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Integrate sqrt(1+4x^2)

  1. Jan 21, 2014 #1
    1. The problem statement, all variables and given/known data

    Integrate sqrt(1+4x^2)

    limits x = 0 to x = 1

    2. Relevant equations



    3. The attempt at a solution

    let 2x = sinhu

    I = 0.5 ∫ (coshu)^2du

    limits u = 0 u = sinh^-1(2)

    0.5 ∫ (e^2u +e^-2u +2)/4 du

    0.5 [(e^2u)/8 -(e^-2u)/8 +2u]

    I = 2.56 which is wrong :(

    why is it wrong?

    please help!
     
    Last edited: Jan 21, 2014
  2. jcsd
  3. Jan 21, 2014 #2

    Dick

    User Avatar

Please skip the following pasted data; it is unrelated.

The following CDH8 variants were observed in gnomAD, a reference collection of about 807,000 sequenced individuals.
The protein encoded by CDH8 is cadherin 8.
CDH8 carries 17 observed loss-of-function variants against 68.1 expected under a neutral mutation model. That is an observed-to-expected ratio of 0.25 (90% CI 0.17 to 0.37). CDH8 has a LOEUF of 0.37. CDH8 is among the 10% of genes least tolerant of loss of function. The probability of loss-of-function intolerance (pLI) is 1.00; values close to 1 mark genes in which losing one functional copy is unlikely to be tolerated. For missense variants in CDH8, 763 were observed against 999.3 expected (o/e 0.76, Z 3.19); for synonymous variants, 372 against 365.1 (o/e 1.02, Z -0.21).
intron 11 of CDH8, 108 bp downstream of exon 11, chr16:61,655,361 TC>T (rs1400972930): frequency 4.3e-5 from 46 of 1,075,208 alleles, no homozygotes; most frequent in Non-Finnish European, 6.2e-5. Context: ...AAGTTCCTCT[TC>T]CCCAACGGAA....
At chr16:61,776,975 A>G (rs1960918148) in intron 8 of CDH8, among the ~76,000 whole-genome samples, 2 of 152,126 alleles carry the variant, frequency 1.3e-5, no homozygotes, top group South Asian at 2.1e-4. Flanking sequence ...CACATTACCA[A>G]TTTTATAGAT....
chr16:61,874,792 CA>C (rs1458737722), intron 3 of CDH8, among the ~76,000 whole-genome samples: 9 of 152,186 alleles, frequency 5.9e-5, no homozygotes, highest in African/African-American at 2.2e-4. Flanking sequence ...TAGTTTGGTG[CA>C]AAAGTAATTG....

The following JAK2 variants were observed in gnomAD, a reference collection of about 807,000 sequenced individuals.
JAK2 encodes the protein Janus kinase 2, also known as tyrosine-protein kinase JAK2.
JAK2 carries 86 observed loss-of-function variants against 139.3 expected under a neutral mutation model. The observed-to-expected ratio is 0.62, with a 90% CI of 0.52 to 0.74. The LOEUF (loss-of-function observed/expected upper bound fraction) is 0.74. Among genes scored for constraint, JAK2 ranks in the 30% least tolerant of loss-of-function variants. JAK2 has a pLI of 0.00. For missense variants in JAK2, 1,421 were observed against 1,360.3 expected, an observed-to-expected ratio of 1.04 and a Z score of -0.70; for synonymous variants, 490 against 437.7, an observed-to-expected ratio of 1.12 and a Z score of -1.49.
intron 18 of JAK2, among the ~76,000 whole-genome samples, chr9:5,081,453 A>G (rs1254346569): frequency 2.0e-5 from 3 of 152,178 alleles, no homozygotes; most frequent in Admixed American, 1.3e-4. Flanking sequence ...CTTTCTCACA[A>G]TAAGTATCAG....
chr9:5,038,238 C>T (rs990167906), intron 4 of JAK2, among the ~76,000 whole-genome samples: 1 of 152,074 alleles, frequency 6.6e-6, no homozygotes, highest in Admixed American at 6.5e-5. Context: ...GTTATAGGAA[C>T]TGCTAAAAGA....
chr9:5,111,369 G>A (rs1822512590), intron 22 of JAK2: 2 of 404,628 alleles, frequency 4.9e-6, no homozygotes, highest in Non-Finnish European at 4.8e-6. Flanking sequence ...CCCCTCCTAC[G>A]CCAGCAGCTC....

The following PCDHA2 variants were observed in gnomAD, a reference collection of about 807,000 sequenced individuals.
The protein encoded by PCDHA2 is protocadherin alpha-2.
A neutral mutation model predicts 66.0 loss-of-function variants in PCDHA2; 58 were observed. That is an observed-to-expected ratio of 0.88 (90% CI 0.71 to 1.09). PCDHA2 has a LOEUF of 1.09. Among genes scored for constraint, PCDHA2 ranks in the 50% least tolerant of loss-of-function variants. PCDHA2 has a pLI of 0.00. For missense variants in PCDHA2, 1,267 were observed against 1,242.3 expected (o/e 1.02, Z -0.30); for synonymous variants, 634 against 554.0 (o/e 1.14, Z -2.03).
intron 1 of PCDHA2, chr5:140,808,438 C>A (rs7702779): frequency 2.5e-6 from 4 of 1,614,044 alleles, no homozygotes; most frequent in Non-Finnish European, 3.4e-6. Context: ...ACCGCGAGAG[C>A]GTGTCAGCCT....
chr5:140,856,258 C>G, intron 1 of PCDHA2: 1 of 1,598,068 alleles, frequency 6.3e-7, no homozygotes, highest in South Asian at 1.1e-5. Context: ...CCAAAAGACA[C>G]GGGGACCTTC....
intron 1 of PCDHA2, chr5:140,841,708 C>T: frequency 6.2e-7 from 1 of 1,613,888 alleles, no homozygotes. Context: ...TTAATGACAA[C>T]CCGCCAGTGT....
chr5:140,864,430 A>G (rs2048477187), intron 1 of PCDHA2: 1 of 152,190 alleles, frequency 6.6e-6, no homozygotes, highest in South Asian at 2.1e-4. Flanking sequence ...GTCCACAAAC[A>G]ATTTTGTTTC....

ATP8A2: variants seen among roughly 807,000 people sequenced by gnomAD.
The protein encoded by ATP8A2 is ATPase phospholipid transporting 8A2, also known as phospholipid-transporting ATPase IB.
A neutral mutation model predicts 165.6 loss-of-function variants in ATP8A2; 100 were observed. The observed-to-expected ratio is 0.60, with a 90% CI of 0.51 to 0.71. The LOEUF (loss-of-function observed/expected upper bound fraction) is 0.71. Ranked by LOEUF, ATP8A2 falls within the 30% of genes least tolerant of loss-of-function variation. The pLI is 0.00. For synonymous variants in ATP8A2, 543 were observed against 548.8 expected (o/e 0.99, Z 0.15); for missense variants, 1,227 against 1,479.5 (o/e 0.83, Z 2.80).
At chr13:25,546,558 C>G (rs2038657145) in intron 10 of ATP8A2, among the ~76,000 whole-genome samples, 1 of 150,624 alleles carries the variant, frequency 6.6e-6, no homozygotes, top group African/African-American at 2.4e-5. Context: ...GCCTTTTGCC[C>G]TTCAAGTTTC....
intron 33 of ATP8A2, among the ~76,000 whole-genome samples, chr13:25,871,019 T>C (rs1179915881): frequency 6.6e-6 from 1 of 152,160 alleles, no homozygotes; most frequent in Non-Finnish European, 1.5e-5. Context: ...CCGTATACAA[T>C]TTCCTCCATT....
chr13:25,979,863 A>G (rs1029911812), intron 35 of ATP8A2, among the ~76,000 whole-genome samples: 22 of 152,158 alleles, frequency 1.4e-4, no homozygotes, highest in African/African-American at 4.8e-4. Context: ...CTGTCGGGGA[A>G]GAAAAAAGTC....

Science Advisor
    Homework Helper

    Well, for one thing 0.5 ∫ (e^2u +e^-2u +2)/4 du becomes
    0.5 [(e^2u)/8 -(e^-2u)/8 +u/2]. Did you forget to divide the last term by 4?
     
  4. Jan 21, 2014 #3
    You started out well. I think you made an arithmetic mistake when you multiplied your expression through by .5 -- you got ##e^{2u}/8 + e^{-2u}/8 +2u##. Where did you get 2u. Shouldn't it be u/4?
     
  5. Jan 23, 2014 #4
    what a silly mistake, i feel embarrassed :S
     
  6. Jan 23, 2014 #5
    I recently wrote that 25 is divisible by 3. And just a few months ago based a proof on the non-fact that 10 is prime. Talk about embarrassed. Losing a factor of 4 is much more understandable.

    We cannot escape these boneheaded errors.
     
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